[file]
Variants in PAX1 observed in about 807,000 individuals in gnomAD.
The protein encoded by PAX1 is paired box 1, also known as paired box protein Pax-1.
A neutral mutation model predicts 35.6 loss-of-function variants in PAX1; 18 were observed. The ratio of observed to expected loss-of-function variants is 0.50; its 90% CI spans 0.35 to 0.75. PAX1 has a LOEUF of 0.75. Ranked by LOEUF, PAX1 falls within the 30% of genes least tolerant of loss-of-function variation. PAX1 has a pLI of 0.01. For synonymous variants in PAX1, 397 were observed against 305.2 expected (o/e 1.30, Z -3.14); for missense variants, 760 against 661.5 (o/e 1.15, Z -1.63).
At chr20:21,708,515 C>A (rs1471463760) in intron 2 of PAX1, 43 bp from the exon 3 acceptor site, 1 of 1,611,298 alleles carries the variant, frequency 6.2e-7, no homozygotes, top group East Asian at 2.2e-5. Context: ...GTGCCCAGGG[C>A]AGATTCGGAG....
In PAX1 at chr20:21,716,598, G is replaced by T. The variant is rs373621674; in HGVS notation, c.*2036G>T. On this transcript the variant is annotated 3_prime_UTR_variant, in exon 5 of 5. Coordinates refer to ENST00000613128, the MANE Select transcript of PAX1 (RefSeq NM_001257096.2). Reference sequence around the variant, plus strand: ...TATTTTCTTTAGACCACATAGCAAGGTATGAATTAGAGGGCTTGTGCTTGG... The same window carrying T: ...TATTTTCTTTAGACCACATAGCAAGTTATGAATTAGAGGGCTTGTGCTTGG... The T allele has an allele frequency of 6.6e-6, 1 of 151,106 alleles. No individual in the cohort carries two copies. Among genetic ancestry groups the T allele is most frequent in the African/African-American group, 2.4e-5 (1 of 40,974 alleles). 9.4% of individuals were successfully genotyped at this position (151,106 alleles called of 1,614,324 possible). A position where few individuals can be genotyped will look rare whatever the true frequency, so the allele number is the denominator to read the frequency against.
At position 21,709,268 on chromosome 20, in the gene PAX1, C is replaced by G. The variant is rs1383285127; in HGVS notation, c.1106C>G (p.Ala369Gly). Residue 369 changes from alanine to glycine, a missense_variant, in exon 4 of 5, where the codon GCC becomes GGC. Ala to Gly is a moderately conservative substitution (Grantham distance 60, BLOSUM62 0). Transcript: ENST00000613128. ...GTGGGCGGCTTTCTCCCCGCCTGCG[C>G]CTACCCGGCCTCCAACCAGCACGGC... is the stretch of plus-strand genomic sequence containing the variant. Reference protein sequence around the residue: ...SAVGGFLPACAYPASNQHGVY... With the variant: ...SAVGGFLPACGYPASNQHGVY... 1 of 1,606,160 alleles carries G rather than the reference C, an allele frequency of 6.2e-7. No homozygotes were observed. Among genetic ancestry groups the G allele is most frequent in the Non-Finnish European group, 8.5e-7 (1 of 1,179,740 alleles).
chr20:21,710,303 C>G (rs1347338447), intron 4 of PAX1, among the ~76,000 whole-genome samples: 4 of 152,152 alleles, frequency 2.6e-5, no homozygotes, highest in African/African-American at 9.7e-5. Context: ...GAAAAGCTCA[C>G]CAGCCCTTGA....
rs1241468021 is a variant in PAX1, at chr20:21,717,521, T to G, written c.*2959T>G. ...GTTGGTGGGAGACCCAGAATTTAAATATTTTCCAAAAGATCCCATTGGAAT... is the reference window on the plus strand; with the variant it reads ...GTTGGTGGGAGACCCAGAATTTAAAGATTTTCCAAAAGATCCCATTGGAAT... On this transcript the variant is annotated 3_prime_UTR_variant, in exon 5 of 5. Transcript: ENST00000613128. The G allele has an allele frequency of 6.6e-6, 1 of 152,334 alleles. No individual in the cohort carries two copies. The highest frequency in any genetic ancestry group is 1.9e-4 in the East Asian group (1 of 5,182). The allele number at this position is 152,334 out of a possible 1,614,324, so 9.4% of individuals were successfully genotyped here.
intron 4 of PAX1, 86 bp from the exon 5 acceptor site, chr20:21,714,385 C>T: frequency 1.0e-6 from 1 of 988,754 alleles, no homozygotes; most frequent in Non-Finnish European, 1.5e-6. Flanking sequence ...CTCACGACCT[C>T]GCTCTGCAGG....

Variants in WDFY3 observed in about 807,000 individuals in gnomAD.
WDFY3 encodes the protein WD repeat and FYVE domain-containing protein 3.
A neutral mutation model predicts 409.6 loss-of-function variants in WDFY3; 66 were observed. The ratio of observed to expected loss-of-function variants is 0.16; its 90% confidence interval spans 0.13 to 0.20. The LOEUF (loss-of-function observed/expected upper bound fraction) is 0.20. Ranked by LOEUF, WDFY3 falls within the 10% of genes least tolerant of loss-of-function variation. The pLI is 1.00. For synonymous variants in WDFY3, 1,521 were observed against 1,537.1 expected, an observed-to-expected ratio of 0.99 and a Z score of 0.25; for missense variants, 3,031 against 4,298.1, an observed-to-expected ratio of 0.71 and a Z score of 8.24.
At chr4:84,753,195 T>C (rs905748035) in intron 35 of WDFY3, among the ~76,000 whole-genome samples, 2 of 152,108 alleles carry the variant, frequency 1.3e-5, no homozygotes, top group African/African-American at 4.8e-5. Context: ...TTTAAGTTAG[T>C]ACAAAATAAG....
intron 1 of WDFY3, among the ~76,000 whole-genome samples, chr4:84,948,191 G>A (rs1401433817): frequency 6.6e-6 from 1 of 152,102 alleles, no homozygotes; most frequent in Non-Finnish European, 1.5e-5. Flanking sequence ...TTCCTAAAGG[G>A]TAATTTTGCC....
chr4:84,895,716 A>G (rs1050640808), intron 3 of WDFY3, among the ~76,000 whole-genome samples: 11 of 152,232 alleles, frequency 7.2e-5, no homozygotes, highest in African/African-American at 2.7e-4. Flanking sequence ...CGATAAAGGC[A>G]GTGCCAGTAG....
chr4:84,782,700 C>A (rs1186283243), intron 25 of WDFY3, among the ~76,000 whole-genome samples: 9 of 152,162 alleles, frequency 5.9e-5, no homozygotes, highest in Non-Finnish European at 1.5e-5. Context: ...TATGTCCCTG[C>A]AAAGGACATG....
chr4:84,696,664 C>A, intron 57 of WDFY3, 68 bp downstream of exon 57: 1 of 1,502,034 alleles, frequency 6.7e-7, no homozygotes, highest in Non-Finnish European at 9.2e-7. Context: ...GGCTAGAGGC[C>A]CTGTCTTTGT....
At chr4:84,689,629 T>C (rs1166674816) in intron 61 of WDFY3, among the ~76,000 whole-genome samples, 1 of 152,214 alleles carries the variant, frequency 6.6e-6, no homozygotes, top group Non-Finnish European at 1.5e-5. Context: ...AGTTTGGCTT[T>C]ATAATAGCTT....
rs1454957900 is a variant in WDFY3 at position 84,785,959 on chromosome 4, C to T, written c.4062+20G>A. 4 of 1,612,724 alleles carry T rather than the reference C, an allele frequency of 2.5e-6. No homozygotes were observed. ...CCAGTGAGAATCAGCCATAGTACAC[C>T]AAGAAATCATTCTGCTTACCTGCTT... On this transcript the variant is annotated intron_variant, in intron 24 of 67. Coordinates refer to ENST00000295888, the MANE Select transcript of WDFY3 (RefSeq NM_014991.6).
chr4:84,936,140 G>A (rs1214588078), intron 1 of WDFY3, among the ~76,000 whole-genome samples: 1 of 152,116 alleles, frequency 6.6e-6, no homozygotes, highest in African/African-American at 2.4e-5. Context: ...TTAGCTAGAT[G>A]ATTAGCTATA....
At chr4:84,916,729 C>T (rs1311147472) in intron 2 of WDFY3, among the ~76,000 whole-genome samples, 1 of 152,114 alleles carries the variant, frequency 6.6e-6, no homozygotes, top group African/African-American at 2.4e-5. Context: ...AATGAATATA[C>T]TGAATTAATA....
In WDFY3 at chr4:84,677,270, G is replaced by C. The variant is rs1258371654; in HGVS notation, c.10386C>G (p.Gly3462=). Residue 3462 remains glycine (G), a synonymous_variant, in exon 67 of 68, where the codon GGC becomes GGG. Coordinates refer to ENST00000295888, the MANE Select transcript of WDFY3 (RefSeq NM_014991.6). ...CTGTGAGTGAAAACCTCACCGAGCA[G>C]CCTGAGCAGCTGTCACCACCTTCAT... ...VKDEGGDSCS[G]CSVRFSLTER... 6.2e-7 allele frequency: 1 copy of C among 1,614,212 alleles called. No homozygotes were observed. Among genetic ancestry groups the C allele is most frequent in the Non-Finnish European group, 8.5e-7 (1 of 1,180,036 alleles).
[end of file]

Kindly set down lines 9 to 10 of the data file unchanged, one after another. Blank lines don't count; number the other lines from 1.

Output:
intron 4 of PAX1, 86 bp from the exon 5 acceptor site, chr20:21,714,385 C>T: frequency 1.0e-6 from 1 of 988,754 alleles, no homozygotes; most frequent in Non-Finnish European, 1.5e-6. Flanking sequence ...CTCACGACCT[C>T]GCTCTGCAGG....

Variants in WDFY3 observed in about 807,000 individuals in gnomAD.